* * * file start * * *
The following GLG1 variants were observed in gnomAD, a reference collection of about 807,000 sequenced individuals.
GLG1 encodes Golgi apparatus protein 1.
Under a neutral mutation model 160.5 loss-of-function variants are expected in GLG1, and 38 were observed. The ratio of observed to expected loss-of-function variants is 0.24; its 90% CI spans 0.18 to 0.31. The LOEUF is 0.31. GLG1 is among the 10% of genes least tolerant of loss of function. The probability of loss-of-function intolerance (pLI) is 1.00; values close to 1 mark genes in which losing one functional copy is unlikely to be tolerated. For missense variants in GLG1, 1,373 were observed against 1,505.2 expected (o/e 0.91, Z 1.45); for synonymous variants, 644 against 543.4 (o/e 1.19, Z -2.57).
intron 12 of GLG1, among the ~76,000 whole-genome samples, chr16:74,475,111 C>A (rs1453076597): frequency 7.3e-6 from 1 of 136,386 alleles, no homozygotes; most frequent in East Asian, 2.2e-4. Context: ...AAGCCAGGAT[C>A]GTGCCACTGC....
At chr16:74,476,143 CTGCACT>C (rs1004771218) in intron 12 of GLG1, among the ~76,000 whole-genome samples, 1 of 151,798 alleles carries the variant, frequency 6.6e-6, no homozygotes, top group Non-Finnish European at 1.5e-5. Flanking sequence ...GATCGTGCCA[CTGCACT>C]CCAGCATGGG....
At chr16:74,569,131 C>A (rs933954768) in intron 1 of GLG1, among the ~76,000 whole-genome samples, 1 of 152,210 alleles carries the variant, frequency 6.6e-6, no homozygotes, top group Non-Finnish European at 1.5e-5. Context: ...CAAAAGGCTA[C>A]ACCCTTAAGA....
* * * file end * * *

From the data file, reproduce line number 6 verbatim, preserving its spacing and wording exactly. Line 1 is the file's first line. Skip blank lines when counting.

At chr16:74,569,131 C>A (rs933954768) in intron 1 of GLG1, among the ~76,000 whole-genome samples, 1 of 152,210 alleles carries the variant, frequency 6.6e-6, no homozygotes, top group Non-Finnish European at 1.5e-5. Context: ...CAAAAGGCTA[C>A]ACCCTTAAGA....